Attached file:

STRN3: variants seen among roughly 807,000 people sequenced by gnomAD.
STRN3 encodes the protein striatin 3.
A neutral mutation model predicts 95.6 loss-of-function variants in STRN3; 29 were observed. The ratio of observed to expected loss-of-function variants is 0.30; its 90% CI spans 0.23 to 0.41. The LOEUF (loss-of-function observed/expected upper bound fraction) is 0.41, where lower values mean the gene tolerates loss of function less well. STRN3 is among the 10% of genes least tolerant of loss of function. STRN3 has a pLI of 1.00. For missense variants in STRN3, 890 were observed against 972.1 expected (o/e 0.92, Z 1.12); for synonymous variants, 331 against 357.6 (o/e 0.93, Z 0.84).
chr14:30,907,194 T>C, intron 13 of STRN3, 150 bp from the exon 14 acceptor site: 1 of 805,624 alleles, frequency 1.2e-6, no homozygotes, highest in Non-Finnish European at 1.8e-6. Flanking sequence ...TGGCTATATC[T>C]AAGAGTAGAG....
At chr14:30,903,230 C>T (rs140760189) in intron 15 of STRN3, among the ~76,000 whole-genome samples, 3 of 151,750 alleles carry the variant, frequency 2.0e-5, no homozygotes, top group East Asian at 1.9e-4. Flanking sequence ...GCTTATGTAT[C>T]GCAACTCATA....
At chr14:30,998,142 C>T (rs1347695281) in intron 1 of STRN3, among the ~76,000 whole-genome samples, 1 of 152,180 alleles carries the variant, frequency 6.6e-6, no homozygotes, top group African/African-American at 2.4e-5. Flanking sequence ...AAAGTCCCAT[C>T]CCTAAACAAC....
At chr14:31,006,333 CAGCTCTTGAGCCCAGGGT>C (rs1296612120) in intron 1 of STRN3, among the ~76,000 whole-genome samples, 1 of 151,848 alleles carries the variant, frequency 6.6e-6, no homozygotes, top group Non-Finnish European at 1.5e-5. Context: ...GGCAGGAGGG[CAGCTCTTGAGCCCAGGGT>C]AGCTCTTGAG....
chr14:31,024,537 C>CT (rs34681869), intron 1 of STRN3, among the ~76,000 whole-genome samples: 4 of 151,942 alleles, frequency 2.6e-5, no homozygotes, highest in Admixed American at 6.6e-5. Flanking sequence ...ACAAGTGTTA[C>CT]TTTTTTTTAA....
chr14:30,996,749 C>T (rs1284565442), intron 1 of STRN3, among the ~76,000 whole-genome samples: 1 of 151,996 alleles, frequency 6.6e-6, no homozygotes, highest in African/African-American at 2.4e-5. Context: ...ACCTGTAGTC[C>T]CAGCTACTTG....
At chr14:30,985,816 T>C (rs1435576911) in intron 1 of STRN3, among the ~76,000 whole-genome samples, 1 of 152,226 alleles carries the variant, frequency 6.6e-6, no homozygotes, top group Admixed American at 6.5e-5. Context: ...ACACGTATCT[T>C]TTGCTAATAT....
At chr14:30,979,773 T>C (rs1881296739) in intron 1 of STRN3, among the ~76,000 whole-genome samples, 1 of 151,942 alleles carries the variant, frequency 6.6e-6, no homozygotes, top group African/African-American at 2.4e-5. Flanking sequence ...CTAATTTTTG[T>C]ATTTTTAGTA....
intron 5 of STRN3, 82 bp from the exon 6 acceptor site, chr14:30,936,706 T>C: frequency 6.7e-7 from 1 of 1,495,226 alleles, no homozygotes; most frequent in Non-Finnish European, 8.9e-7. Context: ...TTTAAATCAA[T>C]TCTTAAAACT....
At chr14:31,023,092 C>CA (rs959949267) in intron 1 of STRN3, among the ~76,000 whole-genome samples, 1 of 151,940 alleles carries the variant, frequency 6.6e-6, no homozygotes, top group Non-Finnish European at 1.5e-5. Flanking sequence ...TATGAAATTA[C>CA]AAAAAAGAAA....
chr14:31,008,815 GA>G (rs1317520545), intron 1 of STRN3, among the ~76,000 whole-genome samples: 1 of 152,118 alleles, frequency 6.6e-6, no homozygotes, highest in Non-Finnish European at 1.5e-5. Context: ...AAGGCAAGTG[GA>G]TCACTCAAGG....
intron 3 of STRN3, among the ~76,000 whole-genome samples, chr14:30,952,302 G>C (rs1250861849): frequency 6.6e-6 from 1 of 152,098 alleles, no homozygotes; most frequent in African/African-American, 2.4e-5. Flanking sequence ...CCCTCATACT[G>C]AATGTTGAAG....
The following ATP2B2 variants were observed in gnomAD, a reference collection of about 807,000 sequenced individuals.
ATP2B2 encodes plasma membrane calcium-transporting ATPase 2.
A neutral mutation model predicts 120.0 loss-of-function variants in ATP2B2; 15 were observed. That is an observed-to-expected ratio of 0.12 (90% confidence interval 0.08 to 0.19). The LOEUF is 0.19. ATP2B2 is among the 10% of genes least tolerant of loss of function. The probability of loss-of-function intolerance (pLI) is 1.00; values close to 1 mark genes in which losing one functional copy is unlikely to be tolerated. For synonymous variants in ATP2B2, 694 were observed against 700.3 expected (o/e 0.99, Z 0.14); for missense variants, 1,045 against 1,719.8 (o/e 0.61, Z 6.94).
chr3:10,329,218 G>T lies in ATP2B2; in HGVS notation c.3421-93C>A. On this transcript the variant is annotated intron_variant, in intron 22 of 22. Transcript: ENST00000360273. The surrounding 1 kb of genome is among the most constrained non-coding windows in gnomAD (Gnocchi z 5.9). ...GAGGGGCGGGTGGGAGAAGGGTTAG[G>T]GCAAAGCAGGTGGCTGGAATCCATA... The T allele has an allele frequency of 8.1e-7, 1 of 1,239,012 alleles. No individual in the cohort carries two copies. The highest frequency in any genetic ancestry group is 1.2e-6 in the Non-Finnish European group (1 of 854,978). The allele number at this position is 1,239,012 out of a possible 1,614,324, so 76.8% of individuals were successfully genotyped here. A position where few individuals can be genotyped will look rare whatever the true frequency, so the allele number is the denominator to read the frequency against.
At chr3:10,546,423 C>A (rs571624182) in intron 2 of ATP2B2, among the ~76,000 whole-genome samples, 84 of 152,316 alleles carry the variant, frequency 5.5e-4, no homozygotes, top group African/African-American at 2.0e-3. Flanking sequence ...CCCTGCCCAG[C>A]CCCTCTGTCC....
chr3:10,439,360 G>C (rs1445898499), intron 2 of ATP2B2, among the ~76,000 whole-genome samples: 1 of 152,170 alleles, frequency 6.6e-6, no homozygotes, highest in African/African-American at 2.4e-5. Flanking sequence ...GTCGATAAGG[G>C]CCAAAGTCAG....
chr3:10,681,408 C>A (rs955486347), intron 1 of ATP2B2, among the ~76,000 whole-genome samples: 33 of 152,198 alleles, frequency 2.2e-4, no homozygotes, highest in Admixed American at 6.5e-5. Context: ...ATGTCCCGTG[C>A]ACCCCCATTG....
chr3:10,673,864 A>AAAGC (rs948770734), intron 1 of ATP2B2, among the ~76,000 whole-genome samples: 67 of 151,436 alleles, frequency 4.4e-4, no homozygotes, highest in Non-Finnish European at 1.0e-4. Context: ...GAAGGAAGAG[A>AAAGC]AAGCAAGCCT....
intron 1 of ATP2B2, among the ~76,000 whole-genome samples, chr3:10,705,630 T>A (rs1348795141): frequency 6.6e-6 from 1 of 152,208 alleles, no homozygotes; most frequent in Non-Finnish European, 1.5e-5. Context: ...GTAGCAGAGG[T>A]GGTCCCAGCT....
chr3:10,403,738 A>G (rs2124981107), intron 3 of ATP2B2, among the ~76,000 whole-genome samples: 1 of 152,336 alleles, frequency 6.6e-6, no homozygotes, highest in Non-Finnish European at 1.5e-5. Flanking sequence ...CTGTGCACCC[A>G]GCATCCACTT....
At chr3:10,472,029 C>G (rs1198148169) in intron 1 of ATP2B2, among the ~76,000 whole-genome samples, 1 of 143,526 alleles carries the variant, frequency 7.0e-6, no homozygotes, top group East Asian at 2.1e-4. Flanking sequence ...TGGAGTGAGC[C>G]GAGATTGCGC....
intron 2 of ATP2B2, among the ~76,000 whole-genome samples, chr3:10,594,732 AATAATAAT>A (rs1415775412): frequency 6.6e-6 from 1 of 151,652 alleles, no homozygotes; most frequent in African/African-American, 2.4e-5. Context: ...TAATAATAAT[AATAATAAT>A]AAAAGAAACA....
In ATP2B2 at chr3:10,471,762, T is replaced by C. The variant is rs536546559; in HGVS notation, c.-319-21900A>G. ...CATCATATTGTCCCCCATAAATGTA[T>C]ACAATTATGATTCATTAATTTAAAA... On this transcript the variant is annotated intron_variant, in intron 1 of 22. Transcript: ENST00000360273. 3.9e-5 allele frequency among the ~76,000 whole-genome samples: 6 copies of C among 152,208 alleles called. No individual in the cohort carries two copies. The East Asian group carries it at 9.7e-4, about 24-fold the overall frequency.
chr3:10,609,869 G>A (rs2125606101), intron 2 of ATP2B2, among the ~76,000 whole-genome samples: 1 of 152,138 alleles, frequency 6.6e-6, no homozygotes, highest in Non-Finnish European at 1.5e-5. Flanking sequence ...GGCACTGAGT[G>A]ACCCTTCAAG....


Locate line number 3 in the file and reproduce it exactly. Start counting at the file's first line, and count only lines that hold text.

A neutral mutation model predicts 95.6 loss-of-function variants in STRN3; 29 were observed. The ratio of observed to expected loss-of-function variants is 0.30; its 90% CI spans 0.23 to 0.41. The LOEUF (loss-of-function observed/expected upper bound fraction) is 0.41, where lower values mean the gene tolerates loss of function less well. STRN3 is among the 10% of genes least tolerant of loss of function. STRN3 has a pLI of 1.00. For missense variants in STRN3, 890 were observed against 972.1 expected (o/e 0.92, Z 1.12); for synonymous variants, 331 against 357.6 (o/e 0.93, Z 0.84).